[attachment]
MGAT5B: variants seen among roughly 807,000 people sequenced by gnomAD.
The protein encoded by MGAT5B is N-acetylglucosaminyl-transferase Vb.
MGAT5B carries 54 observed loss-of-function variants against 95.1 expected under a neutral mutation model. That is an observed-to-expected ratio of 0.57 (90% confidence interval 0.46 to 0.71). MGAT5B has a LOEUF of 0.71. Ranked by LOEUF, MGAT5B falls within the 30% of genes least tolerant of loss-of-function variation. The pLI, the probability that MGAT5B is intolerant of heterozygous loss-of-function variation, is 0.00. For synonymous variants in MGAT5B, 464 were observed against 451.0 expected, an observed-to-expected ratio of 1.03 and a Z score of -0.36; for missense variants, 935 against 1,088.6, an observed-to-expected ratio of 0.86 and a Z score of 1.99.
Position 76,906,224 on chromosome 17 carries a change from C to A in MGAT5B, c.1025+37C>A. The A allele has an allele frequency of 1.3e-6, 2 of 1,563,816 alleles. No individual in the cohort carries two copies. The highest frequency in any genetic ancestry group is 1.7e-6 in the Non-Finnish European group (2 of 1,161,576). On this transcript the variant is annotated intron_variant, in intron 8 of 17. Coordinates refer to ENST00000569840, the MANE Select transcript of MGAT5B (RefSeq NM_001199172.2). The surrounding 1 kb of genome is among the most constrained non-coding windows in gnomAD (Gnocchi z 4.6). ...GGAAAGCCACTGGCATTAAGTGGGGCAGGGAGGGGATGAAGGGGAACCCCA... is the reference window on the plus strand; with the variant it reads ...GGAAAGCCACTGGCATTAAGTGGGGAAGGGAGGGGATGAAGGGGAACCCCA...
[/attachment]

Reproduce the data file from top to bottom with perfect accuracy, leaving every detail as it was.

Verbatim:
MGAT5B: variants seen among roughly 807,000 people sequenced by gnomAD.
The protein encoded by MGAT5B is N-acetylglucosaminyl-transferase Vb.
MGAT5B carries 54 observed loss-of-function variants against 95.1 expected under a neutral mutation model. That is an observed-to-expected ratio of 0.57 (90% confidence interval 0.46 to 0.71). MGAT5B has a LOEUF of 0.71. Ranked by LOEUF, MGAT5B falls within the 30% of genes least tolerant of loss-of-function variation. The pLI, the probability that MGAT5B is intolerant of heterozygous loss-of-function variation, is 0.00. For synonymous variants in MGAT5B, 464 were observed against 451.0 expected, an observed-to-expected ratio of 1.03 and a Z score of -0.36; for missense variants, 935 against 1,088.6, an observed-to-expected ratio of 0.86 and a Z score of 1.99.
Position 76,906,224 on chromosome 17 carries a change from C to A in MGAT5B, c.1025+37C>A. The A allele has an allele frequency of 1.3e-6, 2 of 1,563,816 alleles. No individual in the cohort carries two copies. The highest frequency in any genetic ancestry group is 1.7e-6 in the Non-Finnish European group (2 of 1,161,576). On this transcript the variant is annotated intron_variant, in intron 8 of 17. Coordinates refer to ENST00000569840, the MANE Select transcript of MGAT5B (RefSeq NM_001199172.2). The surrounding 1 kb of genome is among the most constrained non-coding windows in gnomAD (Gnocchi z 4.6). ...GGAAAGCCACTGGCATTAAGTGGGGCAGGGAGGGGATGAAGGGGAACCCCA... is the reference window on the plus strand; with the variant it reads ...GGAAAGCCACTGGCATTAAGTGGGGAAGGGAGGGGATGAAGGGGAACCCCA...